!D GlmTNA GREEN.
It must therefore be held that it was error in the court below to render a judgment for costs against the plaintiff. Following the precedent in the case of The McDonald, 4 Blatchf. 477, the plaintiff in error, although he succeeds in reversing the judgment of the court below, is not entitled to costs here. The judgment of the district court is reversed, and the case remanded to that court, with directions to dismiss the suit without costs to either party.
(District Court, S. D. Ohio. 1883.)
NAVIGATION LAWS-INTERSTATE TRAFFIC.
The navigation laws do not apply to the case of a vessel whose trips are cnntined to points inside one state and have no connection with any point outside that state.
SAME-POWEUS OF COX GRESS-DISPOSITION OF THE COURTS-OBITER DICTA.
Oongress has the power to prescribe the law of the highway so far as may be necessary to protect interstate commerce, llUt no conrt will undertake to expound the constitution, and declare incidental powers, unless the question is directly presented and the case imperatively requires it.
SAME-STEAMER-BARGES IN Tow-EFFECT IN LAW.
A steamer being subject to the navigation laws, the mere fact that she took barges in tow has nothing to do with the proper navigation of the river.
At Law. Channing Richards, U. S. Dist. Atty., for plaintiff. WiUiam H. J9nes and Moulton, Johnson <.& Levy, for defendant. SAGE, J. This is an action to recover $200 penalty upon each of the two counts of the petition for violation of section 4492, Rev. St. The allegations of the first count are that on the twenty-first day of September, 1881, John C. Powers, the defendant, was sole owner of the Gretna Green, a steam-boat duly enrolled and licensed under the laws of the United States; that on that day she towed two barges, carrying a large number of passengers, on the Ohio river, from Maysville, Kentucky, to a point in Mason county, Kentucky, occupied as a "fair grounds," and that the barges were not then and there supplied with life-preservers, axes, buckets, etc., as prescribed by the board of supervising inspectors of steam-boats under the laws of the United States. The second count is for like penalty for towing the barges from "fair grounds" back to Maysville, the same day. The defendant demurred on the ground that the navigation laws of the United States were not applicable to these barges, inasmuch as they were not employed in interstate commerce. In the case of Gibbons v. Ogden, 9 Wheat. 1, the supreme court of the United States decided that the power of congress comprehends navigation within the limits of every state in the Union, so far as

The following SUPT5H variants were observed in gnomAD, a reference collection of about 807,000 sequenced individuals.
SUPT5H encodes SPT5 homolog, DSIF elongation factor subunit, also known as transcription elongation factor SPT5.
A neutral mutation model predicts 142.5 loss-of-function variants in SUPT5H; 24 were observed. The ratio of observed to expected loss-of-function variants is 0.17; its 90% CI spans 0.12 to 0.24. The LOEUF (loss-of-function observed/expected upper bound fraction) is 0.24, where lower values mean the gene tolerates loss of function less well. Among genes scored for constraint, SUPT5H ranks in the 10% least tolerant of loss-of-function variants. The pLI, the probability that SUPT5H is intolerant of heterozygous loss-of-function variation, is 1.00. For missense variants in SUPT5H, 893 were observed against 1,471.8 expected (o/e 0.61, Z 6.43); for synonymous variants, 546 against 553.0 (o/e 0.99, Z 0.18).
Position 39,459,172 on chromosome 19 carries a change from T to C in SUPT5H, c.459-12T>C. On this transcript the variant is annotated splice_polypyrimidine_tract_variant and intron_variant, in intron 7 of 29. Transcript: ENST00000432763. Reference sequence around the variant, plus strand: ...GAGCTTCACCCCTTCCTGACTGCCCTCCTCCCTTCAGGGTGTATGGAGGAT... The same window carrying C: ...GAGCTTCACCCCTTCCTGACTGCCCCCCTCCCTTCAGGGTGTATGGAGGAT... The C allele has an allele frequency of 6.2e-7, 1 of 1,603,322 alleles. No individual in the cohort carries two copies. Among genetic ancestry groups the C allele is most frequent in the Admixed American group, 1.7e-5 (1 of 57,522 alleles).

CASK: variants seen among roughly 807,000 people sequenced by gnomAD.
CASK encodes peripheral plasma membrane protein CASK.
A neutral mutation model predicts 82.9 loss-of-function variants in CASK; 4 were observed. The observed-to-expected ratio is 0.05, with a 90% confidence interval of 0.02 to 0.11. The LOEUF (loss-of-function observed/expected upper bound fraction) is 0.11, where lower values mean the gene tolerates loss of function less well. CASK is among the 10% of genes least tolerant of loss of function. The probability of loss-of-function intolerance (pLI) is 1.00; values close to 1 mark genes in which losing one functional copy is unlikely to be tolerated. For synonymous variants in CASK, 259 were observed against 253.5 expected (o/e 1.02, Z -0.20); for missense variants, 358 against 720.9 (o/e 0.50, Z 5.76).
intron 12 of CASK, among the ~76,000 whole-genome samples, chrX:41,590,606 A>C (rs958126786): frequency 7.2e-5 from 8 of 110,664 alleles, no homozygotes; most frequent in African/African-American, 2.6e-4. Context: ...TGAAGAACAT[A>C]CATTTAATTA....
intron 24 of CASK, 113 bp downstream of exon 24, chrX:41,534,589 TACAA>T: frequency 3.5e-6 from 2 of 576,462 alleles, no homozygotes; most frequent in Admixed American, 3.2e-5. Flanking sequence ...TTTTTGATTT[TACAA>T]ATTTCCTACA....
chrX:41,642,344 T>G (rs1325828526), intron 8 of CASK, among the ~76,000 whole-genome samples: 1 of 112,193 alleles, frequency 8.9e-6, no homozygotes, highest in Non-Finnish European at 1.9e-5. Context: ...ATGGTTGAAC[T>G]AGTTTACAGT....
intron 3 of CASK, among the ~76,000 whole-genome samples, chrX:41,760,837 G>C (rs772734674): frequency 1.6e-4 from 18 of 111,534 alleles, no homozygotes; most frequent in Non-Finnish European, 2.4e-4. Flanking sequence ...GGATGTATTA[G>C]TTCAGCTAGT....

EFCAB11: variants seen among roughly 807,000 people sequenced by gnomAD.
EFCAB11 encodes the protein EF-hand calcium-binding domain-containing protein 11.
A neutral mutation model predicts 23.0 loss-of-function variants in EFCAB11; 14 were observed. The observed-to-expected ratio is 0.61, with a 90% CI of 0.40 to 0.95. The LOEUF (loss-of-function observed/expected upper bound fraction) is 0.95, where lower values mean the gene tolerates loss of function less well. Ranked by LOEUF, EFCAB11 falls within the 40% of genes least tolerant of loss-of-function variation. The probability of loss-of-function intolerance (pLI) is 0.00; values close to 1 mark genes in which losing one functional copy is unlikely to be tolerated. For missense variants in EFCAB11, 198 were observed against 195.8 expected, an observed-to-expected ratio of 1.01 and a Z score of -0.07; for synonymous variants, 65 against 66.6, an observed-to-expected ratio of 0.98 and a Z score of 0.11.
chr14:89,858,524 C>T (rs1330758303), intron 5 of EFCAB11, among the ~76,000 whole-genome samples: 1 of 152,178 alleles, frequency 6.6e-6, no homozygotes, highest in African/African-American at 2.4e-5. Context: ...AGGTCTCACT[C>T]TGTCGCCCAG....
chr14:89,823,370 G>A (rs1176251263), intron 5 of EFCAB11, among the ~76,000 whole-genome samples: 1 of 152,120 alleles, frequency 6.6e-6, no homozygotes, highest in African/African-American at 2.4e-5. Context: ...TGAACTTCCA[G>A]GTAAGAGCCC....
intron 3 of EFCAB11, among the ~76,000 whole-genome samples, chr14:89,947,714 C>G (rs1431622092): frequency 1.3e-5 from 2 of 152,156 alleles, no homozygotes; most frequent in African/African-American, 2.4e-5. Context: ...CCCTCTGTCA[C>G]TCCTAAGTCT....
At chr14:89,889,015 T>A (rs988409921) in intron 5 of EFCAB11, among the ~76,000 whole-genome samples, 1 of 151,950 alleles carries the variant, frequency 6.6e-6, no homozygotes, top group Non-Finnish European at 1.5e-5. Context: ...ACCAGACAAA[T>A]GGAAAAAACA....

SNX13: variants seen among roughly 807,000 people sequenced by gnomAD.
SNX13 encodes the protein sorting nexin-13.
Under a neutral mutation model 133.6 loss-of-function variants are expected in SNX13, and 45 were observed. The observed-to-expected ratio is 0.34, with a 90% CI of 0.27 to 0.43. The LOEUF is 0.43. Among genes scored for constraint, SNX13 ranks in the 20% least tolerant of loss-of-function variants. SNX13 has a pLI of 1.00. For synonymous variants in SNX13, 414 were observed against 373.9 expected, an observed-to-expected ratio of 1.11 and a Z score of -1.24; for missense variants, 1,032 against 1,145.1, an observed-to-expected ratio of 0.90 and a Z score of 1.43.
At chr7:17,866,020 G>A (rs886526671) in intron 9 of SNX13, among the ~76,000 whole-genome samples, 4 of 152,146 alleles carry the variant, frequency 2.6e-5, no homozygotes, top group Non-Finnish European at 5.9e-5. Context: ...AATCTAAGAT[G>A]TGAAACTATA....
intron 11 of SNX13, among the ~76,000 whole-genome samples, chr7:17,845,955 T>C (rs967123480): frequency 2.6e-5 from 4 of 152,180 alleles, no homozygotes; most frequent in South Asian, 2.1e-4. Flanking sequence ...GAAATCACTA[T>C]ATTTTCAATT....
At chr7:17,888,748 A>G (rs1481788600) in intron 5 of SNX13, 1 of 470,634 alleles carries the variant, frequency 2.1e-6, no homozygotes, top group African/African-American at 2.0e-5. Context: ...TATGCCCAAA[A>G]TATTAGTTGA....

that. may be connected with commerce wjthforeigp nations, or among the several states, or with the Indian tribes, and that it might pass the jurisdiction and lines of a state. . In v. Com'rs, 22 How. 227, the supreme court held" that the law of commercial navigation of the country is placed by the canstitutiQn uJ4lder the regulation of congress, and laws passed bJ' that bodyip,t4eregulation of navigation and trade, whether foreign or coastwise", is therefore but the exercise of an undisputed power. When, therefore, an act of the legislature of a state prescribes a regulation on the subject repugnant to and inconsistent with the regulation of congress, the state law must give way. But the su· preme court also held that the power of congress over the subject does not extend further than the regulation of "commerce with forthe several states, and with the Indian eign nations and tribes. " Coming down to the case of The Daniel Ball, 10 Wall. 557, the supreme court held that the limitation of the power of congress over "commerce with foreign nations, among the several states, and with the Indian tribes," necessarily excluded from federal control all that commerce which is carried on entirely within the limits of a state, and does not extend to or affect other states. Then, in Hall v. De Quir, 95 U. S. 485, where a steam-boat plying between New Orleans, Louisiana, and Vicksburg, Mississippi, took on board at New Orleans a colored woman for Hermitage, a landing. place in Louisiana, who was refused accommodation, on account of color, in the cabin set apart for white persoIls, and brought suit under an act of the general assembly of Louisiana to enforce a provision of the constitution of that state, and for $75,000 damages, it was held by the supreme court that inasmnch as the steamer was engaged in interstate commerce, she was not subject to the legislative control of the states along the line of the river where she navigated, but that the legislation of congress applicable to her navigation was exclusive, and the judgment of a state court of Louisiana against the boat was set aside. In all these cases the limitation of the power of congress to the control of commerce among the several states is distinctly recognized, and also that congress has no power to make navigation, or to control the commerce which is entirely within the limits of a state. It is true that, in the case of The Daniil Ball,the steamer was plying on the Grand river, altogether within the state of Michigan, but .she was carrying freight down the river destined to points outside the state of Michigan, and bringing freight up the river which was from points outside the state to points" in the state, and it was therefore held that she was engaged in interstate commerce; that it was not necessary that the freight should be carried on the same VeSl:lel from one state'to the other. " In the case at bar the petition shows that the barges were being